Interestingly, significantly fewer novice teachers report administrative work as a source of stress than their more experienced peers (Table II.2.46). In exploring these relations further, research has consistently shown that workload is a key factor affecting teachers’ stress and well-being (Bakker et al., 2007[105]; Collie, Shapka and Perry, 2012[110]; Hakanen, Bakker and Schaufeli, 2006[108]; Klassen and Chiu, 2010[114]). TALIS data suggest these results and show that the estimated proportion of teachers reporting a lot of stress in their work increases more sharply with time spent on planning, marking and particularly administrative tasks than with time spent on teaching (Table II.2.53, II.2.54, II.2.55 and II.2.56). These results seem to suggest that teachers who spend many hours doing administrative tasks are more likely to report high levels of stress than those who spend many hours teaching in the classroom.

TALIS provides a unique opportunity for policy makers to hear the views of frontline actors of their education system on the key constraints affecting their work and the main sources of stress they face. Policy makers can examine these responses in their national context and work with the profession to address the most common sources of stress identified. A number of issues emerge from the international analysis.

Since administrative work is one of the main sources of work stress reported by both teachers and school leaders, it deserves close scrutiny. As a starting point, policy makers could engage in research at the national level to better understand the specific aspects of administrative work that are causing stress and determine whether these tasks could be simplified or done more efficiently, if not totally eliminated. Indeed, a striking finding from TALIS is that more experienced teachers seem much more exposed to administrative sources of stress than their novice colleagues. Thus, one question is whether this is because they have more management responsibilities within the school or because they are less likely than their younger colleagues to use digital tools to help them save time and gain efficiency in their administrative work. Engaging in nation-wide consultations alongside the profession could help, with a view to identifying unnecessary and unproductive administrative demands. Countries could find inspiration in the Workload Challenge initiative and continuing programme of work in England (United Kingdom), or its spinoff version in the Slovak Republic (see Box II.2.7). Both have proved useful in identifying sticking points, as well as possible solutions to address them.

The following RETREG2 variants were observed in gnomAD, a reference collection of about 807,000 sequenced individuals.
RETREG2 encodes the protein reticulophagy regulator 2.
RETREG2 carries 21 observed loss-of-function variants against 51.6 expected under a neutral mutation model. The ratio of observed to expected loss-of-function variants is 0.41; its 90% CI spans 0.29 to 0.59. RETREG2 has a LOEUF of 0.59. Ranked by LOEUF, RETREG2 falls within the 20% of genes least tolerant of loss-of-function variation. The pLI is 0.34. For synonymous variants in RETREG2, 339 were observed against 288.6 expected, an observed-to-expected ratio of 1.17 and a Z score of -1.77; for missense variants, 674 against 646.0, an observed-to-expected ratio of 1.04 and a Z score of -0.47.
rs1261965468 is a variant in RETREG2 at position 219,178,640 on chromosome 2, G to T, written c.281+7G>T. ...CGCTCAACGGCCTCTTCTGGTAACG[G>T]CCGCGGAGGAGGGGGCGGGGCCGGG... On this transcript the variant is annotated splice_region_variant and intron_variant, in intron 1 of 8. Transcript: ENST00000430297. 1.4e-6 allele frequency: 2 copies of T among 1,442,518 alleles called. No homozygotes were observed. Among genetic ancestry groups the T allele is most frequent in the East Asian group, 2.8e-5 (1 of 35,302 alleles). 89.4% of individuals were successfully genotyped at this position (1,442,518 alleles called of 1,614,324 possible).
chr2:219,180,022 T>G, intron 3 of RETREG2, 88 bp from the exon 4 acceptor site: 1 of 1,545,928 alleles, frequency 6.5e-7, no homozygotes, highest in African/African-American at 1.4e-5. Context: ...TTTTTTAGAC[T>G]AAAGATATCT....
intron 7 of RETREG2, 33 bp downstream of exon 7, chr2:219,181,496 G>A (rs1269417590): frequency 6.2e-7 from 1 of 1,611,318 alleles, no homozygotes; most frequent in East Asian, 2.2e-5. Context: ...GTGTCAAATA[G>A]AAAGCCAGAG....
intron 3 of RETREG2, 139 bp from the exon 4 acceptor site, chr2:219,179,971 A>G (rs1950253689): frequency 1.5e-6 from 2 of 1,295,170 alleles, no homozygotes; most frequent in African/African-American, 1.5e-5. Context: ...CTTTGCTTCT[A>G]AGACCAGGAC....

Given the many policy pointers in this chapter that require active involvement of school leaders to promote school climate and working conditions more conducive to professional ways of working in schools, the administrative workload of school leaders is of particular concern. Thus, it is critical to find ways to alleviate the administrative burden of school principals, so that they can focus on these leadership activities. This calls for a rethink of the workload of principals, as well as efforts to reduce their administrative burden. This could be done through two mutually reinforcing strategies. On the demand side, it could be through a review of administrative requirements and streamlining of administrative requests wherever possible, possibly with a school leaders’ version of the “workload challenge” initiative described above. On the supply side, policy makers should aim to develop management teams within schools, with principals sharing the administrative burden with support staff and mid-level managers, for example, staff willing to evolve towards school leadership positions or those in need of a temporary break from classroom teaching duties.